Cities can use artificial intelligence and analysis of data in a number of ways to help them become smarter, and provide better services for their citizens.

Controlling parking by variable pricing on parking meters. Boston is planning to raise the prices of its parking meters for the first time in more than five years. But it is not just planning a blanket hike. Instead, it will use the changes to test how parking prices affect occupancy of parking bays, and the way that people use cars. San Francisco also plans to implement demand-driven pricing as a way to control congestion.

Creating smart parking systems to direct drivers to spaces, and reduce congestion. One problem in cities is congestion created by drivers driving round and round a district searching for a parking space. Deutsche Telekom is trying to address this via smart parking systems which will alert drivers to empty spaces, and direct them straight there. Systems are being tested in Dubrovnik in Croatia, Bucharest in Romania, and Pisa in Italy.

Intelligent traffic management helps to reduce congestion and air pollution. Sensors are not just useful for parking meters. Pollution sensors on traffic lights and at bus stops can also help identify areas of congestion, and direct traffic away from those. Providing real-time information about hold-ups and traffic jams to drivers, together with suggestions for alternative routes, helps traffic to avoid those areas. This, in turn, reduces congestion, emissions, and air pollution in busy areas.

Vehicle-to-vehicle communications offer increased potential to avoid congestion. Smart traffic management can also involve direct vehicle-to-vehicle communications. Vehicles including cars and buses can be fitted with RFID tags that can communicate with each other. Information about traffic jams can therefore be passed on ‘from the horse’s mouth’, almost literally, helping drivers to avoid problem areas.

Improving the use of energy by predicting spikes in demand. Artificial intelligence systems can learn from experience, which means that they can analyse past patterns in data, and use them to predict the future, and therefore manage better. This is particularly useful in managing power grids, because the system can learn when spikes in demand are more likely to occur, and enable better use of the power at times of lower demand.

Variable energy pricing could encourage better use of energy by individuals. Managing energy by predicting spikes in demand is one thing. Encouraging people to use energy at particular times is quite another. Artificial intelligence systems can be used to propose variable pricing models to encourage use at low-demand times. These build on, for example, the UK’s Economy 7 tariff, a good example of a tariff that encouraged night-time use of energy for heating.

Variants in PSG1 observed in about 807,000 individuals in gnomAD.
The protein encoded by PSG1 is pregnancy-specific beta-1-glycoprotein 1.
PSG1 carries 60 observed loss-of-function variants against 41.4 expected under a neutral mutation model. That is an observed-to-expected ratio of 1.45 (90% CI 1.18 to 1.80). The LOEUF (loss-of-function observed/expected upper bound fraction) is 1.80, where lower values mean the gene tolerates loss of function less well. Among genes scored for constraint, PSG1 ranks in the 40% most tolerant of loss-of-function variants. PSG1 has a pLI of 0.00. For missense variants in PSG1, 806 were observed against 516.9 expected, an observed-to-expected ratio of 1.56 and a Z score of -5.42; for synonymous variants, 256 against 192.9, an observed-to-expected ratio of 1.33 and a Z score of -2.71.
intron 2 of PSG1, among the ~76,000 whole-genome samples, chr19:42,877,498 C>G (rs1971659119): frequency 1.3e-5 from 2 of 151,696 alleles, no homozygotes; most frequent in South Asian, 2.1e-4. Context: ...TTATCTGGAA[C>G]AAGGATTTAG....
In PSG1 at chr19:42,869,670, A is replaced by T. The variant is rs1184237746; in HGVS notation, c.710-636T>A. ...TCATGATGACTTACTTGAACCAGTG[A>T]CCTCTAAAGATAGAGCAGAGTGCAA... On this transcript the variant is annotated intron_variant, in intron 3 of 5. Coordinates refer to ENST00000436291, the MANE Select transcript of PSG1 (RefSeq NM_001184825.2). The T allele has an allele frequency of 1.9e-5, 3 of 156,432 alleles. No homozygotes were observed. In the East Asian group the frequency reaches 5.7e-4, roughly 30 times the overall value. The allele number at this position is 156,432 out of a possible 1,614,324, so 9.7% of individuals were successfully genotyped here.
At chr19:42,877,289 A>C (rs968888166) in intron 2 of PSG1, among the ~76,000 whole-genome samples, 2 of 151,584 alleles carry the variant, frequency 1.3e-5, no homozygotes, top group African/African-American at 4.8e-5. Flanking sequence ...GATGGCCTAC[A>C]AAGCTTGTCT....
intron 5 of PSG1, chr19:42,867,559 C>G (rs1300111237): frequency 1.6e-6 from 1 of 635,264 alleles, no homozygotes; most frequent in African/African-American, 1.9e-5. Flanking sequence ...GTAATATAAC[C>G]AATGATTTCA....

Improving awareness of patterns in data, to create new theses and models. Bringing together data from different areas and about different issues can create new insights: it is one of the most important benefits of big data and analytics. These insights, in turn, can help smart cities to create new models about how their citizens behave, and therefore improve the way in which they provide services. Insights might be about ‘known’ and ‘unknown’ issues, leading to very different ways of working.

Helping individuals to make better choices. Cities are all about their populations, and populations are made up of individuals. Helping individuals to make better choices—that is, both better for them, and for the community or population—can therefore change the environment, one person at a time. Big data, coupled with good data visualisation technology, can be used to show citizens the consequences of their decisions quickly and simply, and help them to improve their decision-making for everyone’s good.

Encouraging healthy eating among children. Healthy eating may not sound like a smart city initiative. But a healthy population has fewer health problems, resulting in less demand for healthcare and infrastructure. And with the demands on services from aging populations, this is no light matter. The city of Amsterdam, for example, has used data from grocery stores about sales of vegetables to evaluate a city campaign to encourage healthy eating.

Supporting better land use planning around urban areas. Demand for housing is growing exponentially, according to many government models. Data about demographics, income levels, businesses and general land use within an area can help planning officers to ensure that urban brownfield land is used effectively to meet the needs of the population in the area, rather than just to suit developers.


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